Traders see shortfall in arrivals; say unseasonal rains destroyed mango flowers
Before you spot them, you get the unmistakable scent wafting through Central Market overpowering every other fruit and vegetable. In assorted shapes, sizes and colour, the mangoes are back in the city. But for the smell, there is nothing grandiose about the arrival of the King of Fruits.
Mango traders say the arrivals are not up to expectation, and market can see a spike in prices. “Mangoes from the local farms — which started arriving a month ago — are around 50 per cent less than last year,” said trader Mohammad Farooq at C.R. Fruit Stall in Central Market. He says unseasonal rains destroyed much of the crop during the flowering stage. “Because of this, mangoes will be a little more expensive than last year,” he said.
Mangosellers say the season will peak in May when much-in-demand mango varieties such as Mallika, Banganpalli and Alphonso from Ratnagiri and Chittoor come in bulk.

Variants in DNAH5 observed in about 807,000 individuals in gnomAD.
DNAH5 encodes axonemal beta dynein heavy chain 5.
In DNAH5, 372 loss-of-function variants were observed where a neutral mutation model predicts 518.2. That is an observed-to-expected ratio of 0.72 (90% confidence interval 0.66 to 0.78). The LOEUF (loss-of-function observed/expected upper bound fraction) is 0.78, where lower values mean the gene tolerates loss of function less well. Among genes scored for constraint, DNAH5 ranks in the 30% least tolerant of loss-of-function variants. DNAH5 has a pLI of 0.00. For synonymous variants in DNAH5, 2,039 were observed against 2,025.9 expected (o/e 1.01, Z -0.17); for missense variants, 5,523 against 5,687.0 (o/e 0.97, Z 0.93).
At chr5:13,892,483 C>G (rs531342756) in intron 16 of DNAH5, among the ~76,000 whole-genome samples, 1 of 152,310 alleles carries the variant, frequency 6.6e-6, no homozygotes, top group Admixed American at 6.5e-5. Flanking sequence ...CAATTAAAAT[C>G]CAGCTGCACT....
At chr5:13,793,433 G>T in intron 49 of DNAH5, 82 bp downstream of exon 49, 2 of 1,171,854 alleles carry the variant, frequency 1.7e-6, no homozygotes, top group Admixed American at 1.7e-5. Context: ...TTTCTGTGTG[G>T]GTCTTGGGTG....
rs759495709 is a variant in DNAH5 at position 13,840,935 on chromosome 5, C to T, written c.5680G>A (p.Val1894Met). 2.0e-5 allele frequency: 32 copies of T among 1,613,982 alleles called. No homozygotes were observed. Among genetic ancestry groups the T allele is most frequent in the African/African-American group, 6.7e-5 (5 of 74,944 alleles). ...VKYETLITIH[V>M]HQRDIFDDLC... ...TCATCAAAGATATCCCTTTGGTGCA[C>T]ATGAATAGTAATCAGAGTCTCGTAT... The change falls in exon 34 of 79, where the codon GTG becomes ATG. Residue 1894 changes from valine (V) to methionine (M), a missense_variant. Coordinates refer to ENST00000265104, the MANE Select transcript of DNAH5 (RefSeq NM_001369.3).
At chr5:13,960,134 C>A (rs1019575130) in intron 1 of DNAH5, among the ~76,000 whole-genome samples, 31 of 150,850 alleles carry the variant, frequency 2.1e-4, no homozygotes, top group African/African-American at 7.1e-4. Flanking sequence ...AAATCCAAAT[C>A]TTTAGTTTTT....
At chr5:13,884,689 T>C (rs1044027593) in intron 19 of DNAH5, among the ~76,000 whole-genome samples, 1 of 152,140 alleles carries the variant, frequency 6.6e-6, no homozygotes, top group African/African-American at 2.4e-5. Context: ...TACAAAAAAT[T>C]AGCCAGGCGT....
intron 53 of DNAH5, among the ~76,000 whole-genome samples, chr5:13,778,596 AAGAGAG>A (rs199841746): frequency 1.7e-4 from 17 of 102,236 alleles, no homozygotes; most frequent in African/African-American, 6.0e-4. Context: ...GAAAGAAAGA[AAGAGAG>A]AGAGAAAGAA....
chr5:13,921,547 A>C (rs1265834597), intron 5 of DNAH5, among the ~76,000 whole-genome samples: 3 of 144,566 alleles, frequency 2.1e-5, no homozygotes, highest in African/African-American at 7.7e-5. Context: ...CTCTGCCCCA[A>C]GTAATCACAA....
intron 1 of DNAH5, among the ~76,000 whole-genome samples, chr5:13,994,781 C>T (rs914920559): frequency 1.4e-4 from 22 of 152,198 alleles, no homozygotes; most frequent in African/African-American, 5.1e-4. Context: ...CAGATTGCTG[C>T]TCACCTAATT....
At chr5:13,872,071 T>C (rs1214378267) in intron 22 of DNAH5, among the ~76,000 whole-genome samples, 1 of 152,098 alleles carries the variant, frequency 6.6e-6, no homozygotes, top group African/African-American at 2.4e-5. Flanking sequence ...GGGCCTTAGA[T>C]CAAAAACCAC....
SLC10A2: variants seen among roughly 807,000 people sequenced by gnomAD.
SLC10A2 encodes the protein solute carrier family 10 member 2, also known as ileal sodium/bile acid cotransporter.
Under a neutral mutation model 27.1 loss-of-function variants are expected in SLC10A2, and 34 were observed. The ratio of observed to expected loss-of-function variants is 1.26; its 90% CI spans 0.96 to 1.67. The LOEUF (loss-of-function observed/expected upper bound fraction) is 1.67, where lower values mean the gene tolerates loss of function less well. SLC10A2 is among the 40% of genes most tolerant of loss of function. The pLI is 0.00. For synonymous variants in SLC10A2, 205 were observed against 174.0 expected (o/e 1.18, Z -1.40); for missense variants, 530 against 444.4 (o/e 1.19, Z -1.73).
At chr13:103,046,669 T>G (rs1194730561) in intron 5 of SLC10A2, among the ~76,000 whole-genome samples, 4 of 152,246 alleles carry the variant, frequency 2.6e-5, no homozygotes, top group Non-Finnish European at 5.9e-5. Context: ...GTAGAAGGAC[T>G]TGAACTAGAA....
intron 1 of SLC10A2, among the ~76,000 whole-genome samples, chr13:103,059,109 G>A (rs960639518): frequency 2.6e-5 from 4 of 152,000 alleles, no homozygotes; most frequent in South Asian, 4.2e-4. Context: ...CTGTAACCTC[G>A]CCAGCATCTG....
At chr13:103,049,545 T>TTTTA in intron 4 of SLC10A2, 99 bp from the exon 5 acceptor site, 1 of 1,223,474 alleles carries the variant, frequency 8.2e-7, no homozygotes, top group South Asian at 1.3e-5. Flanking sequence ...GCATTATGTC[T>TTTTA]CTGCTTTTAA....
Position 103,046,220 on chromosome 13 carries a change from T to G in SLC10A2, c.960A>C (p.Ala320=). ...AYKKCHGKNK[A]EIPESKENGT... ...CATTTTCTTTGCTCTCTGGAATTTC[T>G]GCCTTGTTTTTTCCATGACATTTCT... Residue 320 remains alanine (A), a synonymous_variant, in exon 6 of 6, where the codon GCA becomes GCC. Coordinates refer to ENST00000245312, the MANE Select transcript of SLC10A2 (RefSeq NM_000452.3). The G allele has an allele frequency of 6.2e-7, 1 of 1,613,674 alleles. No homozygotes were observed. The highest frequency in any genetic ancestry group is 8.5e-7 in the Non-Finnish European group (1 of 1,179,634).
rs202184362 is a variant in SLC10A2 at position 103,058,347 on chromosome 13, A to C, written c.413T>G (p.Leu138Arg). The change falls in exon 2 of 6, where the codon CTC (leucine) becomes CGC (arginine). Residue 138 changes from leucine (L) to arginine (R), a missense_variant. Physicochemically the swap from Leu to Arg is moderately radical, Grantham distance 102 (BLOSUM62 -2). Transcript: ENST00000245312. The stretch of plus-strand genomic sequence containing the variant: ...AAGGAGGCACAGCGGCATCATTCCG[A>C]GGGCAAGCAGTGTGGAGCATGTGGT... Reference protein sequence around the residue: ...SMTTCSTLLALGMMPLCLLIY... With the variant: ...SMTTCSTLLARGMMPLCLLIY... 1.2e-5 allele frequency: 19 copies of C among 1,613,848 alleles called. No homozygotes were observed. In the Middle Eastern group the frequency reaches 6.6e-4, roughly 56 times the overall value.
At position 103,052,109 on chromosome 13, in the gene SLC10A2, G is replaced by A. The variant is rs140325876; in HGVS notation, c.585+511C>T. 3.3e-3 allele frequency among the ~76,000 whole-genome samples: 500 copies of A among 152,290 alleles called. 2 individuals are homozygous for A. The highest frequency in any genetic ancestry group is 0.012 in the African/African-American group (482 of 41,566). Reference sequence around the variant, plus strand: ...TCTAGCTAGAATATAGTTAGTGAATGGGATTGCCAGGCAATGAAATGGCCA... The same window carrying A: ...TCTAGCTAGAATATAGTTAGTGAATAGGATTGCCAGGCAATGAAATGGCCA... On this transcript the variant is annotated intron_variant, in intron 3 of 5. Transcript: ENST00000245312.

Badami sells at Rs. 60 a kg; Kalapadi at Rs.100 a kg; Kapusi at Rs. 90 a kg; Banganpalli at Rs. 80 a kg; Rasapuri at Rs. 80 a kg; and Mundappa at Rs. 60 a kg.
Totapuri, which is trickling in, sells at Rs. 40 a kg. (All prices are the “stated” price and are subject to hectic bargaining.) The king of mangoes, Alphonso, is at a premium here at over Rs. 120 a kg, with stocks coming intermittently from Ratnagiri.
“Last year, Banganpalli and Badami were selling at Rs. 50 a kg, while Kalapadi at Rs. 70 per kg. We have received only 60 per cent of the consignment of mangoes we would normally receive,” said Abdul Munaf of LCR Traders. He hoped for a flood of mangoes in early May which would bring in better sales and margins.
Even Abdul Khader Ahmed, whose shop seems to have one of the biggest displays of mango in the market, said there was a shortfall of around 20 per cent. Here, premium Alphonso variety comes at Rs. 140 a kg, but even the King of Mangoes has few takers. “Fewer people are coming to buy. The rates are still high, and they are waiting for May, when prices are low, to get the mangoes,” he said.
However, with the uncertainty around arrivals even next month, Ahmed warned that prices could go up in May.
“We’ll continue getting mangoes till June. If there are lesser quantities being available from other places, then the prices may continue going higher,” he said.